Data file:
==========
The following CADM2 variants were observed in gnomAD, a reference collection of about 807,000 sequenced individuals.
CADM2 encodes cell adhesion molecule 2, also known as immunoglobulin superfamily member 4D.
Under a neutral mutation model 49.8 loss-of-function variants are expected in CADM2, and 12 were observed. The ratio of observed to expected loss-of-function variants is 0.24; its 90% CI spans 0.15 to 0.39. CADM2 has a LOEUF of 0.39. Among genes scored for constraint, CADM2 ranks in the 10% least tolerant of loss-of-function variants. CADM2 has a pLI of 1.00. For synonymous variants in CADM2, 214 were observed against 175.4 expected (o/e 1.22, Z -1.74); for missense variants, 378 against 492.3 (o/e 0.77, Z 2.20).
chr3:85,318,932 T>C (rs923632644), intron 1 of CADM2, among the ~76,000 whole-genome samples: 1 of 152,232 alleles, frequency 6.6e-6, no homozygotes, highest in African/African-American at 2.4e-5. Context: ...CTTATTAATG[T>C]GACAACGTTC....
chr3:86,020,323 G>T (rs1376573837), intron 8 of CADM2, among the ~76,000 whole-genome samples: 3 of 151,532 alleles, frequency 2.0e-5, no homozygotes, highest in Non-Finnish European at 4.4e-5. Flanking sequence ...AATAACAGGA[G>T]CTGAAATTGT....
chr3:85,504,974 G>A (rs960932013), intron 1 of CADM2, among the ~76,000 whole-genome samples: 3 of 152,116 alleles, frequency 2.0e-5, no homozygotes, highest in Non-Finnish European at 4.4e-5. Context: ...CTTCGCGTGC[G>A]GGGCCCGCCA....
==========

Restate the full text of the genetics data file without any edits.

The following CADM2 variants were observed in gnomAD, a reference collection of about 807,000 sequenced individuals.
CADM2 encodes cell adhesion molecule 2, also known as immunoglobulin superfamily member 4D.
Under a neutral mutation model 49.8 loss-of-function variants are expected in CADM2, and 12 were observed. The ratio of observed to expected loss-of-function variants is 0.24; its 90% CI spans 0.15 to 0.39. CADM2 has a LOEUF of 0.39. Among genes scored for constraint, CADM2 ranks in the 10% least tolerant of loss-of-function variants. CADM2 has a pLI of 1.00. For synonymous variants in CADM2, 214 were observed against 175.4 expected (o/e 1.22, Z -1.74); for missense variants, 378 against 492.3 (o/e 0.77, Z 2.20).
chr3:85,318,932 T>C (rs923632644), intron 1 of CADM2, among the ~76,000 whole-genome samples: 1 of 152,232 alleles, frequency 6.6e-6, no homozygotes, highest in African/African-American at 2.4e-5. Context: ...CTTATTAATG[T>C]GACAACGTTC....
chr3:86,020,323 G>T (rs1376573837), intron 8 of CADM2, among the ~76,000 whole-genome samples: 3 of 151,532 alleles, frequency 2.0e-5, no homozygotes, highest in Non-Finnish European at 4.4e-5. Flanking sequence ...AATAACAGGA[G>T]CTGAAATTGT....
chr3:85,504,974 G>A (rs960932013), intron 1 of CADM2, among the ~76,000 whole-genome samples: 3 of 152,116 alleles, frequency 2.0e-5, no homozygotes, highest in Non-Finnish European at 4.4e-5. Context: ...CTTCGCGTGC[G>A]GGGCCCGCCA....